The Supreme Court noted in passing that banning films because of sacrilege might also “raise substantial questions” under the First Amendment’s Establishment Clause, which prohibits any “law respecting an establishment of religion.” But the Court stopped short of deciding the case on Establishment Clause grounds- with consequences that reverberate today. With government vouchers funding religious schools, government officials attacking “blasphemous” art and a White House Office of Faith-Based Initiatives, we are still wrestling with the issues in the Miracle case.

From the beginning of film censorship in America, religious institutions played a starring role. Early movies featured bawdy street scenes, exciting crime stories and muckraking exposés of political corruption. The Progressive Era’s anti-vice crusade, which included a fair representation of clergy, attacked this new, popular medium as a threat to public peace and morality.

Municipalities and states soon responded with licensing laws: Chicago’s was first, in 1907; seven states and about 100 localities followed. These censorship laws empowered government boards to deny licenses to films considered “indecent,” “immoral,” “sacrilegious” or otherwise objectionable. The Supreme Court gave licensing the green light in 1915 by ruling, much to the surprise of the nascent movie industry, that cinema was merely a business, not a form of expression protected by the First Amendment. (5)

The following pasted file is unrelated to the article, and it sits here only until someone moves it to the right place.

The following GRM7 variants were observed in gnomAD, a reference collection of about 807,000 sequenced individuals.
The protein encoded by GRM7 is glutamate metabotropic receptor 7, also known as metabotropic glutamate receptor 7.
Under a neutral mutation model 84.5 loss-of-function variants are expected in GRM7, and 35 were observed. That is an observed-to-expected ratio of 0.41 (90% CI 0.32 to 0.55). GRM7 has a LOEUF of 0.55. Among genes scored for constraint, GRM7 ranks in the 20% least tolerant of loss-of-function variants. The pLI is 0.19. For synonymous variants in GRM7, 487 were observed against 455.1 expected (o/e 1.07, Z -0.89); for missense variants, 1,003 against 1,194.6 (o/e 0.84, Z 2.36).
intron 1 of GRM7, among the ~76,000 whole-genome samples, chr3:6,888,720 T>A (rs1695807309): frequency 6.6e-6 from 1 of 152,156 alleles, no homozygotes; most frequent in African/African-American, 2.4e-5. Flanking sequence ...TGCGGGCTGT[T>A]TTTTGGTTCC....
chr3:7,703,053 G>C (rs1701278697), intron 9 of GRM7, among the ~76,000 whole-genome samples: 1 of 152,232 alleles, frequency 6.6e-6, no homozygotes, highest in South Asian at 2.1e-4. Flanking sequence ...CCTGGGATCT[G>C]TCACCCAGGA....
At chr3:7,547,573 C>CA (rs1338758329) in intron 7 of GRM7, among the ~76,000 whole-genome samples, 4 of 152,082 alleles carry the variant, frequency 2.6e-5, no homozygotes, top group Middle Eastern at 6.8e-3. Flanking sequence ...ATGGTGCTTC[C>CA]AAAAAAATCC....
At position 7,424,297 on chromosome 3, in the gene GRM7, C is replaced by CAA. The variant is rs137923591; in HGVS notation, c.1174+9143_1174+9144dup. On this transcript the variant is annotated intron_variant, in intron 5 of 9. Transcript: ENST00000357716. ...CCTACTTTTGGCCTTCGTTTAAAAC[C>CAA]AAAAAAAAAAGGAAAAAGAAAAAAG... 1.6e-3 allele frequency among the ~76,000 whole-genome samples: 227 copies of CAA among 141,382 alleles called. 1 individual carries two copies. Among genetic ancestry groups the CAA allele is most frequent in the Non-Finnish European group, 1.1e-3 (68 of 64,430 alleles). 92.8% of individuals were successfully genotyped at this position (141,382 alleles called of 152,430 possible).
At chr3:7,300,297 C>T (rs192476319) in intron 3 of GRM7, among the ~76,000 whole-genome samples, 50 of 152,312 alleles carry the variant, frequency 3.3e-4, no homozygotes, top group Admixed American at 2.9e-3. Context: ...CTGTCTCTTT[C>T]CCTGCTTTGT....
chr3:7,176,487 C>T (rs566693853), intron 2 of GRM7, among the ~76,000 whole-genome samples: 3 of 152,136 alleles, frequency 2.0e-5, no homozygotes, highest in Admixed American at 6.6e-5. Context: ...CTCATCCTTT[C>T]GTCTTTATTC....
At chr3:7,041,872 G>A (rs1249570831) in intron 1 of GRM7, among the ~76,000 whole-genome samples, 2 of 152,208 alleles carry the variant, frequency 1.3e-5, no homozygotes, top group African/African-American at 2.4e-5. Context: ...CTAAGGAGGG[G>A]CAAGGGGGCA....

In the 50 years that followed, thousands of movies were cut, bowdlerized or banned outright by state and local censors. Chicago suppressed newsreels of police shooting labor pickets, and refused a license for Anatomy of a Murder because it objected to the words “rape” and “contraceptive.” A film version of Carmen was condemned in Ohio because girls “smoked cigarettes in public,” and in Pennsylvania because of “the duration of a kiss.”

This decentralized system left much to be desired, however. Censors complained that not all states and localities had licensing boards and those that did applied widely varying standards. While moral reformers were outraged at sexual content (Cecil B. DeMille’s orgiastic biblical epics were a particular concern), Southern cities banned anything that even remotely questioned racial segregation.

As more licensing bills were introduced, and reformers pushed for a national censorship system, Hollywood took its first stab at improving its image and thereby stopping the legislative juggernaut. In 1922, the studios hired Will Hays, former Postmaster General and head of the Republican National Committee, to direct a new association that would set moral standards for movies. Hays introduced a list of “Don’ts and Be Carefuls” which, among other things, disapproved profanity, nudity or any mention of “illegal traffic in drugs,” miscegenation, venereal disease, scenes of childbirth or “ridicule of the clergy.” (6) But the studios bridled at Hays’ efforts at control.